Homowo goes Green

Homowo goes Green

The Ministry of Food and Agriculture has launched an elaborate programme to transform the two major festivals of the Ga People – Homowo and the Ban on Drumming – into periods of serious agricultural activities under the Planting for Food and Jobs campaign.

The initiative aims to rekindle the history of Homowo as a festival for ensuring food security through “hooting at hunger”. Similarly, the Ban on Drumming and noise making is to enable the Chiefs, Priests and People to forgo merry making and concentrate on clearing and cleaning their farms ready for planting food crops.

To this end, the Minister for Food and Agriculture, Hon Dr Owusu Afriyie Akoto has instructed the Greater Accra Directorate of his Ministry to ensure that enough improved and subsidized seeds and fertilizers are easily accessible by farmers in the region. He warned against farmer complaints about unavailability of the subsidized seeds and fertilizers which compels the farmers to buy at exorbitant prices from unapproved input dealers.

Dr Owusu Afriyie Akoto, launched the programme while planting maize seeds on parcels of land released to a group of farmers by the Military Academy in Teshie, Accra. He was supported by the Greater Accra Regional Minister and the Teshie Mantse, Gbetsoolo Nii Ashity Akomfra III who took turns to also plant maize seeds on the plots.

Dr Owusu Afriyie explained that from records, the six-week duration ban on noise making was a period preceding Homowo, which gave the farmers a serene, peaceful atmosphere for uninterrupted farming. He said this made it possible for bumper harvest to be realised for the preparation of Kpokpoi, the traditional food for Homowo.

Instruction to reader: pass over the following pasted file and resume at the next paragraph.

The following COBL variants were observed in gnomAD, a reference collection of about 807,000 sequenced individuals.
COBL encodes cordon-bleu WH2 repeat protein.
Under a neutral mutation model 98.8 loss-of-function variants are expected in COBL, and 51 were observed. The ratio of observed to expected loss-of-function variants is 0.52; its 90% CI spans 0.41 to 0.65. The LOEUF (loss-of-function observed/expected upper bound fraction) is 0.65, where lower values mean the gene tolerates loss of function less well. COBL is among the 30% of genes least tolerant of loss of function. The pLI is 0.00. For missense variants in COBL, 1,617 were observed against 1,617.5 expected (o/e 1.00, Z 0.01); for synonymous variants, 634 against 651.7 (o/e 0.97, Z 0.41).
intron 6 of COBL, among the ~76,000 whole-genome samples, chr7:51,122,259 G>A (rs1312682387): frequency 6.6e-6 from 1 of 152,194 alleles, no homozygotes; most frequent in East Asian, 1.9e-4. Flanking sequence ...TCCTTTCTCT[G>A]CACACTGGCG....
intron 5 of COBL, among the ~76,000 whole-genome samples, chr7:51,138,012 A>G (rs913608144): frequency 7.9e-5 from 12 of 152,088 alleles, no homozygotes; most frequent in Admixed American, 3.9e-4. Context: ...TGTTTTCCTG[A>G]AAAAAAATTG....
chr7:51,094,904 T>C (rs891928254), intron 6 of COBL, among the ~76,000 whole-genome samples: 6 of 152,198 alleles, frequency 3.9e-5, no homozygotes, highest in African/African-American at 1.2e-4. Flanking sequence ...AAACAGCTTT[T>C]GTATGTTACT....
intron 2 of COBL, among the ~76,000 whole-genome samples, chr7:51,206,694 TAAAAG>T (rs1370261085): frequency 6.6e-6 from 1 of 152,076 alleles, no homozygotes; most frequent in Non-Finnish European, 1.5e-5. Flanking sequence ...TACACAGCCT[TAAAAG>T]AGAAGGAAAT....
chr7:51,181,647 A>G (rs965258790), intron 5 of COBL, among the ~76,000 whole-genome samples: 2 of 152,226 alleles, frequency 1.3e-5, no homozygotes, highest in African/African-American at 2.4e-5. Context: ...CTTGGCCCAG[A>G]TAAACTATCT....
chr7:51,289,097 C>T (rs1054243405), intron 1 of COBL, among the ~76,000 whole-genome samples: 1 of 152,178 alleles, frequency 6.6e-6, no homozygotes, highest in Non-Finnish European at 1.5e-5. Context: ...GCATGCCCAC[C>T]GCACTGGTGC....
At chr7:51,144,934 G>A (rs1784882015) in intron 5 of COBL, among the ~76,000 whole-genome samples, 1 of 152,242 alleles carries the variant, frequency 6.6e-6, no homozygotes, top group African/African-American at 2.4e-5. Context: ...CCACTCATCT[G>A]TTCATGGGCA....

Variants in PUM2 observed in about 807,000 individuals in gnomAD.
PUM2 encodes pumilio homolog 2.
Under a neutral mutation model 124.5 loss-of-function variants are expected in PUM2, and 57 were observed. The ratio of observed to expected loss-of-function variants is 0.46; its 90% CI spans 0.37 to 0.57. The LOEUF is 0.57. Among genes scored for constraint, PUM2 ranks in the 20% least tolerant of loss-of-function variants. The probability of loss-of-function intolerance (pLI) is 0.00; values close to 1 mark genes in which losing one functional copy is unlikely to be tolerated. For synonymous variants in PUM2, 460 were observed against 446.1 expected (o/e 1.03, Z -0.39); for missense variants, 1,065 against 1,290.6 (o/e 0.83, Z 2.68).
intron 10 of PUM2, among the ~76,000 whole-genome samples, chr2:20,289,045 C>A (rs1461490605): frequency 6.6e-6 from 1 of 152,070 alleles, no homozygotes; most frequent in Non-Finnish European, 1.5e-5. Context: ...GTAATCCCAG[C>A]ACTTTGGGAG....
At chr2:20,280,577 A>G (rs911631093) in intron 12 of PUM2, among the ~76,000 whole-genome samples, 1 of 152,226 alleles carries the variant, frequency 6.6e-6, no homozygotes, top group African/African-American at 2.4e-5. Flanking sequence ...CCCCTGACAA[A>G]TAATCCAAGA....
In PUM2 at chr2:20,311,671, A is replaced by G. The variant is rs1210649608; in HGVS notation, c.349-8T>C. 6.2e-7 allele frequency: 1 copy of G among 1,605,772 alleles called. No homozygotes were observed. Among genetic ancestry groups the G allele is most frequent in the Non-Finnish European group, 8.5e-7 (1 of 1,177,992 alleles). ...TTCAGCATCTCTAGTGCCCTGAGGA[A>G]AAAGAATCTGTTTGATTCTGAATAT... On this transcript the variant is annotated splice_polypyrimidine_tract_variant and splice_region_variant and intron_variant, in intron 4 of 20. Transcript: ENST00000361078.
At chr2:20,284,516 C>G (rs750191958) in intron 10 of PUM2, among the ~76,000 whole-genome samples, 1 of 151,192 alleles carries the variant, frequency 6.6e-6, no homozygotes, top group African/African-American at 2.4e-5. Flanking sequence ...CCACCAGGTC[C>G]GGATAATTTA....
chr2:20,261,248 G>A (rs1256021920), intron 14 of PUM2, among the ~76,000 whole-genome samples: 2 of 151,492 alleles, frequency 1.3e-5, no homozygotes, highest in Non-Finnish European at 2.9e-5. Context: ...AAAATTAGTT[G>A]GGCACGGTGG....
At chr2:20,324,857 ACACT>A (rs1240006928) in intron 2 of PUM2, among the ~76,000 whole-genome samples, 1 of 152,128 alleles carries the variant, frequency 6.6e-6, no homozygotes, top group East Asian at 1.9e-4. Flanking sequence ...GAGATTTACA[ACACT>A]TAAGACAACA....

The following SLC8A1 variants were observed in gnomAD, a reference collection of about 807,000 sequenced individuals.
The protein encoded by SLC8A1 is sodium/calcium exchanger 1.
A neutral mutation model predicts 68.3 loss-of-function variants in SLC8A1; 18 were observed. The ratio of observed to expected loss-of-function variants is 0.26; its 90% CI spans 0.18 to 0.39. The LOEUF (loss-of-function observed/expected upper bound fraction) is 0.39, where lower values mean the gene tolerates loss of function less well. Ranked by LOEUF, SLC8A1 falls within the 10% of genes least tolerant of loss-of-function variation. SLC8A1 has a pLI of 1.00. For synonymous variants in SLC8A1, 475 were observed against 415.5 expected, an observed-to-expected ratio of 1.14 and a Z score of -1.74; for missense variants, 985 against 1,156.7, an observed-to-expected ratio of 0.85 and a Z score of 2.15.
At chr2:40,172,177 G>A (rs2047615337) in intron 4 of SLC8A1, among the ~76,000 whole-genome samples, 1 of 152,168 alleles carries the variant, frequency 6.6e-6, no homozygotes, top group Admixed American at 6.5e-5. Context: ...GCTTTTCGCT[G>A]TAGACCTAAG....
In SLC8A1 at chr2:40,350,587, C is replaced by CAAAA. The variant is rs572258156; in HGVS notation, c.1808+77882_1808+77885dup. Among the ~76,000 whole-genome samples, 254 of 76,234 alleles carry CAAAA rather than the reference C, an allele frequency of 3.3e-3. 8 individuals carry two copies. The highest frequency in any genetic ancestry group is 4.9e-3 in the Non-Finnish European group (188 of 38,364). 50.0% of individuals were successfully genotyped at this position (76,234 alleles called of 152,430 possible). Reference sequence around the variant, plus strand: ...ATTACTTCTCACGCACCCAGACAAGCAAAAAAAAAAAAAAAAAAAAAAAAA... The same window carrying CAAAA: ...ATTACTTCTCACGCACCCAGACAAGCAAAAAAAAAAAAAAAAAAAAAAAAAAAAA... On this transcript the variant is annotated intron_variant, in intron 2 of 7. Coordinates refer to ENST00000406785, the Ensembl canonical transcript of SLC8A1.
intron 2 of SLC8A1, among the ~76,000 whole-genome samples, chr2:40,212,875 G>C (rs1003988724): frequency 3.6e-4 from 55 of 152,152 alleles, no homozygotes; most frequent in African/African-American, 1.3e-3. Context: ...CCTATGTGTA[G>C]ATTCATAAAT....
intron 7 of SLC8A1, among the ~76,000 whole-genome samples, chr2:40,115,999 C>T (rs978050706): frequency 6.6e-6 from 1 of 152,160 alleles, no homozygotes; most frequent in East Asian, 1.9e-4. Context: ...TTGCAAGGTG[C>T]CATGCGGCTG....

The Hon Minister also referred to the meaning and significance of the names of certain suburbs of Accra, such as Abelenkpe (corn is last) to emphasize that Accra in general used to be a food basket which needs reviving.

Dwelling on the new focus of Homowo, Hon Dr Owusu Afriyie appealed to all residents of the region to be part of the celebration of the two festivals by taking to farming to help produce enough food in the region. The Minister spoke about the achievements of PFJ which have not only saved the country from hunger but enabled us to export food to neighbouring countries in return for foreign exchange. He said that the flagship programme which started with 200,000 small holder farmers barely 4 years ago is now targeting 2 million farmers this year. He therefore urged more farmers to register in order to benefit from the subsidized prices of inputs and also increased harvest.

The Greater Accra Regional Minister appealed particularly to the youth in the region to take up farming on a large scale as an alternative to elusive white collar jobs in the region. He said that PFJ has made farming noble, modern, attractive and lucrative and therefore they should make a search for those who are succeeding in agriculture and try to emulate them.

He urged the leaders and chiefs in the region to embrace the new agricultural dimension for Homowo and mobilise their subjects to participate in PFJ with all seriousness.

The Teshie Mantse, Gbetsoolo Nii Ashity Akomfra III embraced the challenges being proposed by the Minister of Agric and pledged to start farming himself and together with his elders.

A farmer, Kojo Tetteh thanked the Minister for Food and Agric for his promise to make seeds and fertilizers readily available at subsidized prices. He asked the Ministry to be vigilant with the input dealers because the inputs are usually not available when ‘we need them’.

Beyond Homowo, the Greater Accra Department of Agriculture aims to support households, especially women and youth to produce and process selected vegetables to improve household nutrition. The project is expected to cover all 29 districts of the region. Target crops to be produced include vegetables such as tomatoes, pepper, onion, okra and cabbage and cereal such as maize and rice.

Series of training, home and farm visits will be undertaken to the beneficiaries to ensure they apply good agronomic practices in their fields to produce quality crops.

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